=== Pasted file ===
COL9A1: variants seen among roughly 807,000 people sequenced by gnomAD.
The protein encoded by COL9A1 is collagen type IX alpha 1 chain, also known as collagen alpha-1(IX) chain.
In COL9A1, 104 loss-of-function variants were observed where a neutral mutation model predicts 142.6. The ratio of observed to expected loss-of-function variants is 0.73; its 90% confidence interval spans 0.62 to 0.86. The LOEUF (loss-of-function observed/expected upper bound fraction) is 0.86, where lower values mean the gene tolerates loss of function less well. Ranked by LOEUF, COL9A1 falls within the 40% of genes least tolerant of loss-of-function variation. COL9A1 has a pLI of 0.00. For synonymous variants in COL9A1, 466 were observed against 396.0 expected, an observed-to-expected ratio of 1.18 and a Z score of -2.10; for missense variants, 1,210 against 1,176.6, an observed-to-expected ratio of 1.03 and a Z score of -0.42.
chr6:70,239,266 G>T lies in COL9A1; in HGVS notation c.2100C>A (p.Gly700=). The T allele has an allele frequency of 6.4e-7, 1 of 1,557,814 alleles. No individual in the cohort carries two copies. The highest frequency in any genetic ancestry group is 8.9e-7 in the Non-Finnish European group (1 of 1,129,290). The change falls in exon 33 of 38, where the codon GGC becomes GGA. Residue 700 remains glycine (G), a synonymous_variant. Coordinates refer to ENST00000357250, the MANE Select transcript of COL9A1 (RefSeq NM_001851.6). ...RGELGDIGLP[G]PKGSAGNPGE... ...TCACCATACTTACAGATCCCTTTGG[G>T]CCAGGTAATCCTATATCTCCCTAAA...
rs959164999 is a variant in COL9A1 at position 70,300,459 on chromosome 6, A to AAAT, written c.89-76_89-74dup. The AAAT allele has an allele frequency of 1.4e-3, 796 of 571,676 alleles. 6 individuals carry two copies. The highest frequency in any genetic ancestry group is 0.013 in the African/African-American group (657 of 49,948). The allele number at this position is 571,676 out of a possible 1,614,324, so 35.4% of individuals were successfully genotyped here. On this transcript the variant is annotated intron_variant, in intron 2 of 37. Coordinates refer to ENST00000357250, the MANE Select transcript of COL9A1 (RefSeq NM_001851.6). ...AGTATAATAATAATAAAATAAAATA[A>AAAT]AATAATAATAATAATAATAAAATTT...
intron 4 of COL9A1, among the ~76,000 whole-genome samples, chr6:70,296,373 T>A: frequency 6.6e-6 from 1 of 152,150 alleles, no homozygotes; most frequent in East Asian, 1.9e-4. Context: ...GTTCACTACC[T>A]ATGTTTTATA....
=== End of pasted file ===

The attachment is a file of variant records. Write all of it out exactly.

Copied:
COL9A1: variants seen among roughly 807,000 people sequenced by gnomAD.
The protein encoded by COL9A1 is collagen type IX alpha 1 chain, also known as collagen alpha-1(IX) chain.
In COL9A1, 104 loss-of-function variants were observed where a neutral mutation model predicts 142.6. The ratio of observed to expected loss-of-function variants is 0.73; its 90% confidence interval spans 0.62 to 0.86. The LOEUF (loss-of-function observed/expected upper bound fraction) is 0.86, where lower values mean the gene tolerates loss of function less well. Ranked by LOEUF, COL9A1 falls within the 40% of genes least tolerant of loss-of-function variation. COL9A1 has a pLI of 0.00. For synonymous variants in COL9A1, 466 were observed against 396.0 expected, an observed-to-expected ratio of 1.18 and a Z score of -2.10; for missense variants, 1,210 against 1,176.6, an observed-to-expected ratio of 1.03 and a Z score of -0.42.
chr6:70,239,266 G>T lies in COL9A1; in HGVS notation c.2100C>A (p.Gly700=). The T allele has an allele frequency of 6.4e-7, 1 of 1,557,814 alleles. No individual in the cohort carries two copies. The highest frequency in any genetic ancestry group is 8.9e-7 in the Non-Finnish European group (1 of 1,129,290). The change falls in exon 33 of 38, where the codon GGC becomes GGA. Residue 700 remains glycine (G), a synonymous_variant. Coordinates refer to ENST00000357250, the MANE Select transcript of COL9A1 (RefSeq NM_001851.6). ...RGELGDIGLP[G]PKGSAGNPGE... ...TCACCATACTTACAGATCCCTTTGG[G>T]CCAGGTAATCCTATATCTCCCTAAA...
rs959164999 is a variant in COL9A1 at position 70,300,459 on chromosome 6, A to AAAT, written c.89-76_89-74dup. The AAAT allele has an allele frequency of 1.4e-3, 796 of 571,676 alleles. 6 individuals carry two copies. The highest frequency in any genetic ancestry group is 0.013 in the African/African-American group (657 of 49,948). The allele number at this position is 571,676 out of a possible 1,614,324, so 35.4% of individuals were successfully genotyped here. On this transcript the variant is annotated intron_variant, in intron 2 of 37. Coordinates refer to ENST00000357250, the MANE Select transcript of COL9A1 (RefSeq NM_001851.6). ...AGTATAATAATAATAAAATAAAATA[A>AAAT]AATAATAATAATAATAATAAAATTT...
intron 4 of COL9A1, among the ~76,000 whole-genome samples, chr6:70,296,373 T>A: frequency 6.6e-6 from 1 of 152,150 alleles, no homozygotes; most frequent in East Asian, 1.9e-4. Context: ...GTTCACTACC[T>A]ATGTTTTATA....